THE PRINCIPALITY OF Liechtenstein, with a population of approximately 35,000 is a constitutional hereditary monarchy having as its form of government a parliamentary democracy. The powers of the state are shared between the Prince and the Parliament and are conducted by both in accordance with the Liechtenstein constitution. As in most other modern states there is a separation of legislative, executive and judicial powers.
The Diet consists of 25 members and is elected for four years by general and secret ballot. The government consists of the prime minister and four councillors. The members of the government are appointed by the prince on the recommendation of the Diet. Their term of office is four years.
The 11 communities in Liechtenstein are governed autonomously - though under supervision of the government - by mayors and local councils elected every four years.
Liechtenstein is a member of the Council of Europe, the United Nations, the European Free Trade Association (EFTA), the Wold Trade Organisation and the European Economic Area (EEA).
The official language is (high) German and the currency is the Swiss Franc (CHF).
Being a continental European country, Liechtenstein is a so-called ‘civil law jurisdiction’, its laws being based in part on Austrian law and in part on Swiss law. The major exception is the Persons and Company Law 1926 (PGR), which was drafted in Liechtenstein.
There is a distinction between civil and criminal matters on the one hand, and administrative and constitutional matters (public law) on the other. Courts exercising jurisdiction in civil and criminal matters are the District Court (Landgericht), the Superior Court (Obergericht or OG) and the Supreme Court (Oberste Gerichtshof or OGH). Public law courts are the Administrative Court (VGH) and the Constitutional Court (STGH). The VGH hears appeals from governmental or local authorities and aims to protect the citizens against the might of the state. Its decisions are final. The STGH decides as the first and only instance with regard to appeals relating to the protection of the constitutionally guaranteed citizens’ rights and acts as a guarantor of the European Convention of Human Rights. It can overturn what would otherwise have been final judgments of the VGH or the OGH.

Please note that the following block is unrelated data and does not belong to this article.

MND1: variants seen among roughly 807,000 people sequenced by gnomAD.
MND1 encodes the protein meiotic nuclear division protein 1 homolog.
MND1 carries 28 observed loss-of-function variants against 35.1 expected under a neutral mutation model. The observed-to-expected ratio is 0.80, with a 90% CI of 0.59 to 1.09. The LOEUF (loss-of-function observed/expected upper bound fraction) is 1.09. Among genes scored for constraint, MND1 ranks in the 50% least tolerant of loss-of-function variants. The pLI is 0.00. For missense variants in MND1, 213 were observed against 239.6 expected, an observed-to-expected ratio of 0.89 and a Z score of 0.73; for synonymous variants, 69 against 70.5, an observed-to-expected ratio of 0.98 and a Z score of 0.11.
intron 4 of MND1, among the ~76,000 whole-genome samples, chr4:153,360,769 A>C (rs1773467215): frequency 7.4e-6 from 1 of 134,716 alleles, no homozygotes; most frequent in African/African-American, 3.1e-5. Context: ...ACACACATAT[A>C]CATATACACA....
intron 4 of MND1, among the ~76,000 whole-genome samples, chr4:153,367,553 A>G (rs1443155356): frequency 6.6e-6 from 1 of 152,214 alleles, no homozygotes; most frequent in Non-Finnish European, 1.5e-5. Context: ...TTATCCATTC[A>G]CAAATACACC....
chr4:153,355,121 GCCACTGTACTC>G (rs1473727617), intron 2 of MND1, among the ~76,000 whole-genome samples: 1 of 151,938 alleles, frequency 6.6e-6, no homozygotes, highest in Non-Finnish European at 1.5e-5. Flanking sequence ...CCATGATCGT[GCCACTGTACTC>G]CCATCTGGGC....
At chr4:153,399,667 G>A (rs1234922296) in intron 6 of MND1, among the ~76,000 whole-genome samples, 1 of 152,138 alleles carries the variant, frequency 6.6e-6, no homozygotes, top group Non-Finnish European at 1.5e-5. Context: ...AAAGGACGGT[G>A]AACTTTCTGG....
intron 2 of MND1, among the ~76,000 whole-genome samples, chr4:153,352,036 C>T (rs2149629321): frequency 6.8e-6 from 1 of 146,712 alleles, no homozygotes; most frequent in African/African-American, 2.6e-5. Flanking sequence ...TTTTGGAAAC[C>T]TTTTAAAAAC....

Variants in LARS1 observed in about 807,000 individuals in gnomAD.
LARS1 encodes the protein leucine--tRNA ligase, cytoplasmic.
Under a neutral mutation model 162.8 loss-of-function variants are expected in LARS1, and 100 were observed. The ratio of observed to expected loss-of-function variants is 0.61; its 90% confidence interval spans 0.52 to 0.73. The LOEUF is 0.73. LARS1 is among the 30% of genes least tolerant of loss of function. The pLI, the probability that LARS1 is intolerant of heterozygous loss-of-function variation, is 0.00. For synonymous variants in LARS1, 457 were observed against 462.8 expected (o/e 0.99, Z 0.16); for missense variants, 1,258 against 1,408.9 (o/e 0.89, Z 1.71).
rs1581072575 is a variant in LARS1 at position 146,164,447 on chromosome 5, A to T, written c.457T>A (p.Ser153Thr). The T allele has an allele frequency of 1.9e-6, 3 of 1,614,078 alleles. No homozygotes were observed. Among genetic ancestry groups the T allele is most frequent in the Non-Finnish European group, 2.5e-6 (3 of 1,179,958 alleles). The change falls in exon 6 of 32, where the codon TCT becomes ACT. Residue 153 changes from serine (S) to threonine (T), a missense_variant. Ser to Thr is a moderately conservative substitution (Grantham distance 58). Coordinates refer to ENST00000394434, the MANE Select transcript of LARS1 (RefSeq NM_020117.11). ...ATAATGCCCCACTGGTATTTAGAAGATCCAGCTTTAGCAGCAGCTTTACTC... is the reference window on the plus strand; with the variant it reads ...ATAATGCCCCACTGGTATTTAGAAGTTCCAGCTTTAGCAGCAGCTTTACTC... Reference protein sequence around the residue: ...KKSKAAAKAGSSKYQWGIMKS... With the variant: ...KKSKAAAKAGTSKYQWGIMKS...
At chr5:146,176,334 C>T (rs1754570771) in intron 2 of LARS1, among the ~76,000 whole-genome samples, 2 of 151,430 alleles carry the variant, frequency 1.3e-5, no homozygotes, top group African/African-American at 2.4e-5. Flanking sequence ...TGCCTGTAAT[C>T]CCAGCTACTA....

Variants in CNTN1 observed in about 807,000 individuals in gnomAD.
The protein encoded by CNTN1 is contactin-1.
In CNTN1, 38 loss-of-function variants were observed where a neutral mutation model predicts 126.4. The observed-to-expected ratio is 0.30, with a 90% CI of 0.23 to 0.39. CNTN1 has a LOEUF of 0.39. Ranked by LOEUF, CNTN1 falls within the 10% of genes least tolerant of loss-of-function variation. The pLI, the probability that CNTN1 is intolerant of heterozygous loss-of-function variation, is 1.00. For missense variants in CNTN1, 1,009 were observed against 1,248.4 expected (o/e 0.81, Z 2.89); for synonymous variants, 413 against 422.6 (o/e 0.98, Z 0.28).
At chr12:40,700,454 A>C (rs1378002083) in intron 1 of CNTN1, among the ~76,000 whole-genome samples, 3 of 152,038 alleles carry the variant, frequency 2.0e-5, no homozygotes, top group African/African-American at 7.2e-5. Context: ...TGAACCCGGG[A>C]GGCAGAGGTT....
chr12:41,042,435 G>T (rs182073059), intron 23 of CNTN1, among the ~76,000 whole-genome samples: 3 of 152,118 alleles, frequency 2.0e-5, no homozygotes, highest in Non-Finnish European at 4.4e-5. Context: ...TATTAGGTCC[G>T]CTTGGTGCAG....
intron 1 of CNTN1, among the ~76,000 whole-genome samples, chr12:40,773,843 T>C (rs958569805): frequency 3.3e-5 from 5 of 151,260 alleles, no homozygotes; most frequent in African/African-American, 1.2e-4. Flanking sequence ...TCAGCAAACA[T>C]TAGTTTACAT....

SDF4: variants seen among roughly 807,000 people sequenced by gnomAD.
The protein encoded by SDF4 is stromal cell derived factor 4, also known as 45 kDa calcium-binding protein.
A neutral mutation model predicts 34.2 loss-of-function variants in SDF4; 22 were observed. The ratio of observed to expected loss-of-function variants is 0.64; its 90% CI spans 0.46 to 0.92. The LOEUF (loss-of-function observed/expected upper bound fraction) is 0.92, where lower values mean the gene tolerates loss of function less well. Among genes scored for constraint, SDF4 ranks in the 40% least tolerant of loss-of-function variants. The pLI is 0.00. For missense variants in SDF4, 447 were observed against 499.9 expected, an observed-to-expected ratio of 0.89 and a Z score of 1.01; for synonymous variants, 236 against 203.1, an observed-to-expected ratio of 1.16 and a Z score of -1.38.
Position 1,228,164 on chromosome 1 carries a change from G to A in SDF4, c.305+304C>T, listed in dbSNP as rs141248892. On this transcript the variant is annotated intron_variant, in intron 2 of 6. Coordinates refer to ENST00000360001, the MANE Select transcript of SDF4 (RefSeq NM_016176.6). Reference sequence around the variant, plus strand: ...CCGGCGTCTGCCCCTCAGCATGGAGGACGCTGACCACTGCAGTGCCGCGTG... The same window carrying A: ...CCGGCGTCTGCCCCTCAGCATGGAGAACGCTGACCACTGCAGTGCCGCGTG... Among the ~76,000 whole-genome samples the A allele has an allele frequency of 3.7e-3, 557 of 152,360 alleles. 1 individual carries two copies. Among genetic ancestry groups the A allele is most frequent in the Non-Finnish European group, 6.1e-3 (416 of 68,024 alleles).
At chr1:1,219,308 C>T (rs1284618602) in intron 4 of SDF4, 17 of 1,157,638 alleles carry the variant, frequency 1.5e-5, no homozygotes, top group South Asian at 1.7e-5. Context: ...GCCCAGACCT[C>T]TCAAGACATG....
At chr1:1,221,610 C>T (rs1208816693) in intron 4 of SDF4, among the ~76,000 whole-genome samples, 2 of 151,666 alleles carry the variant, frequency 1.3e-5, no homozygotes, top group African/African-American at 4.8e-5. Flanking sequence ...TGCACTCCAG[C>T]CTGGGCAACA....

Further, the EFTA Court in Luxembourg and the European Court of Human Rights in Strasbourg have certain jurisdiction in Liechtenstein.
Liechtenstein offers not only a large quantity of different types of corporate and noncorporate entities, but also a very liberal legal framework in which to operate. The most popular vehicles used by practitioners and clients for offshore purposes are the trust, the family foundation, the establishment, the trust enterprise, the company limited by shares, the limited company, and the limited partnership. All of these vehicles can be used for onshore purposes too and are regulated by the PGR.
The trust and the foundation are generally used as holding vehicles. The foundation, having its own legal personality, is more popular with clients from civil law countries, whereas clients from common law jurisdictions more often choose trusts.
The establishment appears to be unique to Liechtenstein. It is treated as a corporation with legal personality and is used as both a holding vehicle and for commercial purposes. The trust enterprise can, but need not, have legal personality. Based on the Massachusetts trust it is used principally for commercial transactions, although it can be used as a holding vehicle.
The PGR requires that at least one member of the board of directors, or board of foundation, or of the trustees must be resident in Liechtenstein with the appropriate professional qualifications (enabling them to possess the so-called ‘Art. 180a. permit’).
Liechtenstein is the only country in continental Europe to have adopted the common law trust. In doing so Liechtenstein has closely followed the Anglo-American model. In contrast to English and American trust law, Liechtenstein trust law does not restrict the accumulation of income (no rule against accumulation). This rule is a direct consequence of the fact that Liechtenstein law contains no rule against perpetuities. There is no fixed term and, therefore, a trust can be created for an unlimited duration.
With effect from 1 April 2006 Liechtenstein has implemented the Hague Convention on the Law Applicable to Trusts and their Recognition of 1 July 1985, which seeks to harmonise the private international laws of its signatories.